Oh boy, here we go.
That scene brought back a lot of memories for me having been brought up in an Assemblies of God, Pentecostal church, but not all of those memories were bad. I missed this. As much as I wanted to remind myself that I was an outsider in that room, there was a huge part of me that wanted to be embraced and accepted by that crowd of passionate, Jesus-loving people. I had experienced great loss when I left my former life as a missionary to venture out into the wilderness alone.
My mind became flooded with memories and questions and longing and ideas for saving the world and whatnot. I had to resist the urge to grab the microphone from the worship leader and shout, “CAN’T WE ALL JUST GET ALONG?!” (I’m sure that Alyssa especially would appreciate that I decidedly did not attend the event in a drunken or chemically altered state, although that may have turned into a far more interesting story.) Instead I felt the Holy Spirit telling me to “just relax and stop thinking so much”.
So that’s what I did. I appreciated the time of worship, and the first two speakers. I especially appreciated break-time that included coffee and cookies. And then came the final speaker of the night: William P. Young, author of “The Shack”.
Paul Young is a very humble and unassuming man; he is short, stocky, grey-haired, balding and simply regular in every way. The first thing he admitted to is that he is an “accidental author”. He originally wrote the book for his children in an effort to paint a picture for them of who he believes God to be. So when his wife and children read the book and felt touched by it, he believed that the purpose of his writing had already been fulfilled. He had never even intended to publish the book, but through a series of events that can only be explained as a miraculous work of God, “The Shack” has become one of the best-selling Christian fiction novels of all time.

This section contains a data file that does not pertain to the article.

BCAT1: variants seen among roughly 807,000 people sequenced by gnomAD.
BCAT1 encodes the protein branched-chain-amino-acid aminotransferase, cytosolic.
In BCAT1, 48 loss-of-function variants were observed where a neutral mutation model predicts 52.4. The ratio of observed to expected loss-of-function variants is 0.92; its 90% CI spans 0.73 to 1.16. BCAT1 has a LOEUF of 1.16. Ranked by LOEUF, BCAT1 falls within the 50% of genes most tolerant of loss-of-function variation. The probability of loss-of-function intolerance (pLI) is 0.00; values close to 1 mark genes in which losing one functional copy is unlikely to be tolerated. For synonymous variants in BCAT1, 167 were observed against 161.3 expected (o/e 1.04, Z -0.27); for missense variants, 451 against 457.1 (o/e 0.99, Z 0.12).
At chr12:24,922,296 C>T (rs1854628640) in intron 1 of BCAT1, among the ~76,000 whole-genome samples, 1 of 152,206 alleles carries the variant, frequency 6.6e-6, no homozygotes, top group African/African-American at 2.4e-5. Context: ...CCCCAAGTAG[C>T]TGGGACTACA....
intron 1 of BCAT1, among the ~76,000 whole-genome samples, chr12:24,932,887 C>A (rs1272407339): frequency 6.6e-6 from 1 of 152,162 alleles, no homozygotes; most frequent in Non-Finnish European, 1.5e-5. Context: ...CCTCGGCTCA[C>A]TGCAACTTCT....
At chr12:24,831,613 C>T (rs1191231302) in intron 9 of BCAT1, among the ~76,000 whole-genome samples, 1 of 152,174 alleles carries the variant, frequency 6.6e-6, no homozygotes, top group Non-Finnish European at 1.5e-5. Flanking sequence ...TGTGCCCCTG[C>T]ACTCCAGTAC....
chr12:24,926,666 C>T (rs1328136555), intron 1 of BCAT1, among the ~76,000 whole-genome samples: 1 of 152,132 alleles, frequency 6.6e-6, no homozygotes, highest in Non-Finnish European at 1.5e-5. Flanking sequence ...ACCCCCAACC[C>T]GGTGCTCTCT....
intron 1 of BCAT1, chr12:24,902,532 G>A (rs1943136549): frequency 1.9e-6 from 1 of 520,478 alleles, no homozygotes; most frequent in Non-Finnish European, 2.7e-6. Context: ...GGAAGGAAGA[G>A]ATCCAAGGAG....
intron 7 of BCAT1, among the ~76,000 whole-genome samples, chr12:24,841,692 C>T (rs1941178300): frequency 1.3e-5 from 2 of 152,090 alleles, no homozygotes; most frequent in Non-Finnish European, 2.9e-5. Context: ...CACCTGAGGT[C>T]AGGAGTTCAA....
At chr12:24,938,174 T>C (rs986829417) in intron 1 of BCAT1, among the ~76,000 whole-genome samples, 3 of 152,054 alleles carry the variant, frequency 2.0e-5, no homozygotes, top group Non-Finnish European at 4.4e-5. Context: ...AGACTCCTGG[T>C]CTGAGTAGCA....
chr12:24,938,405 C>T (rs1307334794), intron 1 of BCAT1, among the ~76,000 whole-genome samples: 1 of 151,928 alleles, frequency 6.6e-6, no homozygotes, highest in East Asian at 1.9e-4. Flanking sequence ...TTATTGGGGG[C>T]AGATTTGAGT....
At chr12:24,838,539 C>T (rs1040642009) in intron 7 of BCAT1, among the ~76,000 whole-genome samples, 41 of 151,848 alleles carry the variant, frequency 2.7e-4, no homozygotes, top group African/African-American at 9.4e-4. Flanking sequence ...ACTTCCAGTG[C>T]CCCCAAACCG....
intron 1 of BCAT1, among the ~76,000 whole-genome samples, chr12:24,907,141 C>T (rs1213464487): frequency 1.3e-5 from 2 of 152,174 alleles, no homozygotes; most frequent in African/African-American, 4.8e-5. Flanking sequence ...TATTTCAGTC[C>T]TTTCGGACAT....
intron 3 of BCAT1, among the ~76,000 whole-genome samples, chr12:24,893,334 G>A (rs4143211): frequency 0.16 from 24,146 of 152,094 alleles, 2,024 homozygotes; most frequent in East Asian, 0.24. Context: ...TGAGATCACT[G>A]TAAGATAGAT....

Paul Young remarked that many people had asked him if he believed that God had “used him, like a tool” to write the book. He confessed that he had been abused and molested from his early childhood into his teenage years, and therefore he was not a fan of “being used”. He went on to explain that God does not seek to have a relationship with tools because tools are inanimate objects. God seeks to have a relationship with His people, and then He entrusts them the tools that they need in order to better serve Him. In that way Paul Young believed that God, in His love, had blessed him with the words and given him the freedom to express his spirituality in a way that many ordinary people, like himself, could understand it.
Paul Young said much more than just that, but I was unable to hear him for a majority of his speech because I was having a silent conversation with God.
God: “I have given you a story to tell.”
Me: “What story is that exactly?”
God: “Your story.”
This revelation was shocking to me, considering that I fully expected that if God were going to speak to me in a Conservative Christian setting, the first thing that He would say is that I need to repent of my sinful lifestyle and follow Him. But that is not what He said. Instead I felt a complete sense of peace in that I am exactly where He wants me to be; I am, right here and now, on the absolute right path. Writing is the tool that God has blessed me with, and now He has asked me to share my story.
Yeah, kinda HUGE.
I am still processing all that I feel that God was doing in my heart over the weekend, but for now I will conclude with this:
The Faith and Culture Writer’s Conference was flat-out amazing and I recommend it to all of my fellow writing comrades. The workshops were very practical and informative and I left with a much greater understanding of what kinds of steps that I will need to take in order to pursue a career as a professional writer.
It was also refreshing to realize that (at least the group that I encountered over the weekend) Conservative Christians have become much more open-minded, loving and accepting than they were ten years ago, and that is a step in the right direction as far as I am concerned.
Of course there was a moment when I outright asked one of the speakers (privately) if he was a homosexual because I couldn’t possibly go through a two-day event without thoroughly embarrassing myself, but that is another story entirely…